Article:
Telegram Forced by Russia to Give their Users’ Encryption Keys
Telegram, the encrypted messaging app, lost an appeal before Russia’s Supreme Court that was attempting to block the country’s Federal Security Service (FSB) from obtaining access to their users’ data, reported Bloomberg.
Last year, the FSB requested Telegram’s encryption keys and the company refused, leading to the company to be fined with $14,000. Today, Supreme Court Judge Alla Nazarova reinforced that ruling and rejected Telegram’s appeal. Telegram also wants to appeal the most recent ruling.
If Telegram does not cooperate with the court’s decision, they could be fined again and even have the service suspended in Russia which has their biggest customer base. Telegram’s lawyer said that a separate court ruling and action from communications regulator Roskomnadzor would be needed for the service to actually be blocked.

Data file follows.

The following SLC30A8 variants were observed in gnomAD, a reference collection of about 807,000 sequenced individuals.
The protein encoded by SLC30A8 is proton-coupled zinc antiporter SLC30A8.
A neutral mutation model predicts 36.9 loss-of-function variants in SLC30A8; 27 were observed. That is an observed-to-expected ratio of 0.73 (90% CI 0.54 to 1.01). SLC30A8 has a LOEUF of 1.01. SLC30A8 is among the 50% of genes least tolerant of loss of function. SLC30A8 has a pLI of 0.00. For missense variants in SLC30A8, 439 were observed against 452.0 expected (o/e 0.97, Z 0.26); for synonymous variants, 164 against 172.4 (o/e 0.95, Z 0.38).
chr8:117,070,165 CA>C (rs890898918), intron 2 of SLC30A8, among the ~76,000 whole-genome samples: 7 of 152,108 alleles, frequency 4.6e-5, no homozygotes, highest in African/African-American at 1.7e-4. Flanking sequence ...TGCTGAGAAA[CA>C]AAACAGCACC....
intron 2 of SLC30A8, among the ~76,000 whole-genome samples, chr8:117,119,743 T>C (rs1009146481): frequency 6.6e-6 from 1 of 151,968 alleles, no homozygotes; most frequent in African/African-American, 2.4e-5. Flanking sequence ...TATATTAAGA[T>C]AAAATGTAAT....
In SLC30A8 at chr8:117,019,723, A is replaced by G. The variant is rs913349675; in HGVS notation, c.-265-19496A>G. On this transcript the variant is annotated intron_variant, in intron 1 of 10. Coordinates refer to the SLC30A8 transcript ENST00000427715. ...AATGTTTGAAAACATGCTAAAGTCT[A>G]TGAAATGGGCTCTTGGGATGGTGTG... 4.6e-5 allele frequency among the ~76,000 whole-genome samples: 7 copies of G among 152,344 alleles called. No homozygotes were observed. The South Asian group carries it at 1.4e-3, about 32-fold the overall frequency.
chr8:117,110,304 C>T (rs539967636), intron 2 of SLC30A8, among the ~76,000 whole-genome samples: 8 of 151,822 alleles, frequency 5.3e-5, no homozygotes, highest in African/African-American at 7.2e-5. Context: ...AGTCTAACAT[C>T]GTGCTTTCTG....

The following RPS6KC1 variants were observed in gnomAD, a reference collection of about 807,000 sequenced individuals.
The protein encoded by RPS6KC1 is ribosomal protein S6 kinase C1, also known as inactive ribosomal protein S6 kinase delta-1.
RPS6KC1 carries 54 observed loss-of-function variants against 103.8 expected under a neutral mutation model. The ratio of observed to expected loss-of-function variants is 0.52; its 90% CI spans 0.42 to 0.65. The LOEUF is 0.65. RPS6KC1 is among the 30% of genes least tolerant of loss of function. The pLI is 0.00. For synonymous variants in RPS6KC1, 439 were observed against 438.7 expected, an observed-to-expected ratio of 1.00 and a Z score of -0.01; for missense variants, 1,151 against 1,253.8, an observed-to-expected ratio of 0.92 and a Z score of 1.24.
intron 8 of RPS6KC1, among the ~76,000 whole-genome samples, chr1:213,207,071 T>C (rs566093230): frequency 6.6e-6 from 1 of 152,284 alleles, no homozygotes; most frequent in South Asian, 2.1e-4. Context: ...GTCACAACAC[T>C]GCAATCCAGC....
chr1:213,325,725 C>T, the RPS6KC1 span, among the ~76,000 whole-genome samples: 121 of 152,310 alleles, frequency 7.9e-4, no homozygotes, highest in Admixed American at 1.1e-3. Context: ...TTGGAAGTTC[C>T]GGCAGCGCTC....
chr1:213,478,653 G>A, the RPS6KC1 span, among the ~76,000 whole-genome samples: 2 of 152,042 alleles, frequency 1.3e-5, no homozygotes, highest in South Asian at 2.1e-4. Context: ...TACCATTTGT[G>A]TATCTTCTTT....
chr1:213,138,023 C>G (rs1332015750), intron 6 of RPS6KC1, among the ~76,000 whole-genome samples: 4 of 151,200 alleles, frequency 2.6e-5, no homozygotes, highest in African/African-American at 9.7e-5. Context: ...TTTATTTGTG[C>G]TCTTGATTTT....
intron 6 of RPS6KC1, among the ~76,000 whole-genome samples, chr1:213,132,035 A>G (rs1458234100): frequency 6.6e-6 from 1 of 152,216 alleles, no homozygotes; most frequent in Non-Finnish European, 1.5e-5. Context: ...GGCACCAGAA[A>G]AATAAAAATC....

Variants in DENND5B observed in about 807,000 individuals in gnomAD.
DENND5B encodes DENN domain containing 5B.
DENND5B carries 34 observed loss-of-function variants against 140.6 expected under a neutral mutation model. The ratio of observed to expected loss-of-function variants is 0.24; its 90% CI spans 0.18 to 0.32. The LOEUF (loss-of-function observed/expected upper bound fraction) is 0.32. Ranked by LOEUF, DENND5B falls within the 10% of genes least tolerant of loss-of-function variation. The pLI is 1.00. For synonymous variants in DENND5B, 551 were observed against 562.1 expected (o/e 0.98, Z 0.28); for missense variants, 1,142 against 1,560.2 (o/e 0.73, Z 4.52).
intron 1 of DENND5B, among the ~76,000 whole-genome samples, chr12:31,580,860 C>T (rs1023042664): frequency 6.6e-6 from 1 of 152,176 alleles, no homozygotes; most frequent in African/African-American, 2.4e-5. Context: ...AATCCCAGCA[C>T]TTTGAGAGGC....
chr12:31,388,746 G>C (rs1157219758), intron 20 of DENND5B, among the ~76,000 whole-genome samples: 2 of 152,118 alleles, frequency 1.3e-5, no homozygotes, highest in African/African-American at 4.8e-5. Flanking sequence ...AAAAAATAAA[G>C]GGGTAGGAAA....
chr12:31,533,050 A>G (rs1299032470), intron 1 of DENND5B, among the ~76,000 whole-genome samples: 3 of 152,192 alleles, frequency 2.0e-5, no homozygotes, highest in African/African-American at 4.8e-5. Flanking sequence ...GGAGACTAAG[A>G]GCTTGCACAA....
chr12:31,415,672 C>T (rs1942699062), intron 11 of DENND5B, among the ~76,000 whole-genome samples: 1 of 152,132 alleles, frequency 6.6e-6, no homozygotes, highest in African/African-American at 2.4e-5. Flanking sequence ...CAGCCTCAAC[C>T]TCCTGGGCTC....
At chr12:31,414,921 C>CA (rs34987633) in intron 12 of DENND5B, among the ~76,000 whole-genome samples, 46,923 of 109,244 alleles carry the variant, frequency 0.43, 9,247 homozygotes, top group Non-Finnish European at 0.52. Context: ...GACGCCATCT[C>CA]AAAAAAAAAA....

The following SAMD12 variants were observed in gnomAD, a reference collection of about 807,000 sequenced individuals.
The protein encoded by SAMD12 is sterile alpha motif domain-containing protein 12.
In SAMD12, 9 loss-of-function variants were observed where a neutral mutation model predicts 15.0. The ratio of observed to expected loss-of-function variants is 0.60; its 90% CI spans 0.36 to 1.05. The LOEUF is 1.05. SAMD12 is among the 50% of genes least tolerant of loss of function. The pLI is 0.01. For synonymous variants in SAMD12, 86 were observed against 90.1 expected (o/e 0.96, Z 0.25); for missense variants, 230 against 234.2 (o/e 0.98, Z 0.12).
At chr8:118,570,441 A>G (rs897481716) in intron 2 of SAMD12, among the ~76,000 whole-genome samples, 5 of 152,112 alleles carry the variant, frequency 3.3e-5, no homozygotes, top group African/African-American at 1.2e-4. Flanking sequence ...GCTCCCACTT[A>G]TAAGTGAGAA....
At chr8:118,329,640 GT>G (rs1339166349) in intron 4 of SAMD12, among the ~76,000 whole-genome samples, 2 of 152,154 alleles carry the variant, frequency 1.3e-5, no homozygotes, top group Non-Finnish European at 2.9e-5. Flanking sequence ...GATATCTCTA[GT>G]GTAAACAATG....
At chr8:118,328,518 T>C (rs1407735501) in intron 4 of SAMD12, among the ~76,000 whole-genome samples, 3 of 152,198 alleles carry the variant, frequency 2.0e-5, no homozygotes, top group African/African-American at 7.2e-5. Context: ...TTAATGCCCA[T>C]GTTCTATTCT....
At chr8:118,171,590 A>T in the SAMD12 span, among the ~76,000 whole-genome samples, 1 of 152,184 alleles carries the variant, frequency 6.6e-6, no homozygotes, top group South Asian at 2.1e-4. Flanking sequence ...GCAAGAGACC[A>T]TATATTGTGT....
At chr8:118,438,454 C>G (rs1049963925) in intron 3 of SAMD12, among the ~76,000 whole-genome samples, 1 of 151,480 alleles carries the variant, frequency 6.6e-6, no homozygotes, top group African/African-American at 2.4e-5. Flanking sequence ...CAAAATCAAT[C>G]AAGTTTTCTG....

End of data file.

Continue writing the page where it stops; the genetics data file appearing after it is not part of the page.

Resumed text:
In 2016, Russia passed laws to fight terrorism, which required messaging services to give authorities the encryption keys for their users’ correspondence. Telegram has confronted this decision, but the FSB argues that their access to encryption keys doesn’t invade users’ privacy since they do not have information about an individual, and that any data obtained by using keys would still need a court order.
“The FSB’s argument that encryption keys can’t be considered private information defended by the Constitution is cunning,” said Telegram’s lawyer, Ramil Akhmetgaliev. “It’s like saying, ‘I’ve got a password from your email, but I don’t control your email, I just have the possibility to control.’”
Telegram recently raised $850 million for the launch of their initial coin offering (ICO), and is looking to run another private pre-sale with the purpose of raising the overall sum to over $1.6 billion. The company’s newest development is the Telegram Open Network, or TON, an Ethereum-like environment that has apps, services, and a store for digital and physical items.